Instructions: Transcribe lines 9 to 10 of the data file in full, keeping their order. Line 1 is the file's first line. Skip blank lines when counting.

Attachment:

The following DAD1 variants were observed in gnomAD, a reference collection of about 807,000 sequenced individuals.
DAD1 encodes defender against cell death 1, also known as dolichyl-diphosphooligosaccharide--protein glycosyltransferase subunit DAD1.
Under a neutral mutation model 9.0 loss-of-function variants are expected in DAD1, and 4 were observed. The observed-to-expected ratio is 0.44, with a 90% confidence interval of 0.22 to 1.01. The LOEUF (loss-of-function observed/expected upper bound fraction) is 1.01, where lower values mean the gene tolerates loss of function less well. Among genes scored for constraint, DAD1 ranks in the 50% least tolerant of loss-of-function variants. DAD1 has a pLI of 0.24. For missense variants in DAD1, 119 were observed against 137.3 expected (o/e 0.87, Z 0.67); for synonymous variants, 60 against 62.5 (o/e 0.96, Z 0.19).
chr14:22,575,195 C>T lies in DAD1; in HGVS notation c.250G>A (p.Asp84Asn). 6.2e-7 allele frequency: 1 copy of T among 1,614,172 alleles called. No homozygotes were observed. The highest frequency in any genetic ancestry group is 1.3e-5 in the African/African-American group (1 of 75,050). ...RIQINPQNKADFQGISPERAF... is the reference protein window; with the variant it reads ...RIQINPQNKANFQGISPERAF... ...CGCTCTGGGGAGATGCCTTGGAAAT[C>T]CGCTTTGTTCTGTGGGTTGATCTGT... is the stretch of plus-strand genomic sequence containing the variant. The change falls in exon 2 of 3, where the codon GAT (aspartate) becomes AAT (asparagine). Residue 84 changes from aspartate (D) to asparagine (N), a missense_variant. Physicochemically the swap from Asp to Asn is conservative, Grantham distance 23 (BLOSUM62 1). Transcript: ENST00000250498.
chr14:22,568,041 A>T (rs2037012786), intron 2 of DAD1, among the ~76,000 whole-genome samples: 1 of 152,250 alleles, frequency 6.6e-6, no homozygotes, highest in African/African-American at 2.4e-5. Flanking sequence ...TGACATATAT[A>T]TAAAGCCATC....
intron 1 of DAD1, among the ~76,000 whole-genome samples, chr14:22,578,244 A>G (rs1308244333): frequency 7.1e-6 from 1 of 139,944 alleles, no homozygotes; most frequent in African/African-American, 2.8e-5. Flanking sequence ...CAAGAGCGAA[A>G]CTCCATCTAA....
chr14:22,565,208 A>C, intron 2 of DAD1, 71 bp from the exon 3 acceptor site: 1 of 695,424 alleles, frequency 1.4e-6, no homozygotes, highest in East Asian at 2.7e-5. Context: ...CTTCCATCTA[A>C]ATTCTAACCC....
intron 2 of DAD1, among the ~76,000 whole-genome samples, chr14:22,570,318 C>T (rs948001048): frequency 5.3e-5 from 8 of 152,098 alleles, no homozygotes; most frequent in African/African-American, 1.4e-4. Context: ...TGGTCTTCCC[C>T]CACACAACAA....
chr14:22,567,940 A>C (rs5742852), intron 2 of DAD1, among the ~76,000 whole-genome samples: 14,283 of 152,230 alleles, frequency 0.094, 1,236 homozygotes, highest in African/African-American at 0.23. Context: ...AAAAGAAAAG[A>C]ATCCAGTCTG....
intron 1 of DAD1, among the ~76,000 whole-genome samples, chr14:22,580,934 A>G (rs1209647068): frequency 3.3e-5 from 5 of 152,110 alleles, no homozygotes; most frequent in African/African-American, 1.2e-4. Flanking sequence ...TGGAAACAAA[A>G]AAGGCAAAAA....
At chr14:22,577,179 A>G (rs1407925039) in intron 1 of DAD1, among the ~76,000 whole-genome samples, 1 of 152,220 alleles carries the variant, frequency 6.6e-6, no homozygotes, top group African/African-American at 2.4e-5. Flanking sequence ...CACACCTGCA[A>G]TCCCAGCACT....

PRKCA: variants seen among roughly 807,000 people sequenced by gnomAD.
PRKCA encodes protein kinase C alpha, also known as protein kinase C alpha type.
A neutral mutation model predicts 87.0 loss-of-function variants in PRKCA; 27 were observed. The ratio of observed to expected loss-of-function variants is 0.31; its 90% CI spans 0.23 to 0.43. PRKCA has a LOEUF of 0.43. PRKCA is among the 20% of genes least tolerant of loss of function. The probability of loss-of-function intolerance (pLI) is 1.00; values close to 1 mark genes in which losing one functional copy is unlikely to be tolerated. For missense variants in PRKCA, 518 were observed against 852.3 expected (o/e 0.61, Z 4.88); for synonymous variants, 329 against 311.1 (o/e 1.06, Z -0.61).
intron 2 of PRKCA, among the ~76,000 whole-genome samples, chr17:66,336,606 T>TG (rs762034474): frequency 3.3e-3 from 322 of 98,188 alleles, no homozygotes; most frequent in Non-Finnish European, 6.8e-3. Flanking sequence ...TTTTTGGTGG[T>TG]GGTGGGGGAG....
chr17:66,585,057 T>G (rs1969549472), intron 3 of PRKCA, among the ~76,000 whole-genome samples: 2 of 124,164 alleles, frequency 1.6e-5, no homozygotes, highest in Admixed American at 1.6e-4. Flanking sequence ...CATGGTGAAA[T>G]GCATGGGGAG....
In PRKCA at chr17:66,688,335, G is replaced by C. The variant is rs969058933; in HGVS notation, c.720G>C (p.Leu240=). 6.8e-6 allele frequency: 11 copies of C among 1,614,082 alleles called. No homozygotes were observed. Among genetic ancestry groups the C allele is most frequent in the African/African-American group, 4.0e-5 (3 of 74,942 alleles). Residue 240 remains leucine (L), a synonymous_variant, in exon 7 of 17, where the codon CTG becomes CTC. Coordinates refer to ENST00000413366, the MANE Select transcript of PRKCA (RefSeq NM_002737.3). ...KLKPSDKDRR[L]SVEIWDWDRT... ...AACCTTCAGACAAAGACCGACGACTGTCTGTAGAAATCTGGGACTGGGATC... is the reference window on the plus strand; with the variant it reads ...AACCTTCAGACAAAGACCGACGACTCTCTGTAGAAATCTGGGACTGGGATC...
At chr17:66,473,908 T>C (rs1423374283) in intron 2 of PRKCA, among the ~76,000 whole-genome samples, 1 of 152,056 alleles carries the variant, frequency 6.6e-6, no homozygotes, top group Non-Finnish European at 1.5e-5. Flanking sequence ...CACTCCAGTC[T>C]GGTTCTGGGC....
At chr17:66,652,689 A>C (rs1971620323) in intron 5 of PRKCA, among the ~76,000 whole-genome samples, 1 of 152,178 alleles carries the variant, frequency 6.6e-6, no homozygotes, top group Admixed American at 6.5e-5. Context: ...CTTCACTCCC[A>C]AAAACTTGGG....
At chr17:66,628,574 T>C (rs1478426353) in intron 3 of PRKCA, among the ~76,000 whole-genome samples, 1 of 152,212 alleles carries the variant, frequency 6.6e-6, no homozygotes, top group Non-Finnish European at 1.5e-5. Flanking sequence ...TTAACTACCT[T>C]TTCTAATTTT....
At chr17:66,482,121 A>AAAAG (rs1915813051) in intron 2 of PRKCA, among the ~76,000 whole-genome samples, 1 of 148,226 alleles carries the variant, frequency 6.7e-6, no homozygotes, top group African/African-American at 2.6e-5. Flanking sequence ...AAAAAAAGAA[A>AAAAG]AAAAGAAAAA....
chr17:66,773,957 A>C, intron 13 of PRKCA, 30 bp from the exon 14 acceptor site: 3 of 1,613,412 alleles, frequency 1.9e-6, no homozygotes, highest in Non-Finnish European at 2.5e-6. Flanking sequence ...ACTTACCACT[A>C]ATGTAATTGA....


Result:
chr14:22,567,940 A>C (rs5742852), intron 2 of DAD1, among the ~76,000 whole-genome samples: 14,283 of 152,230 alleles, frequency 0.094, 1,236 homozygotes, highest in African/African-American at 0.23. Context: ...AAAAGAAAAG[A>C]ATCCAGTCTG....
intron 1 of DAD1, among the ~76,000 whole-genome samples, chr14:22,580,934 A>G (rs1209647068): frequency 3.3e-5 from 5 of 152,110 alleles, no homozygotes; most frequent in African/African-American, 1.2e-4. Flanking sequence ...TGGAAACAAA[A>G]AAGGCAAAAA....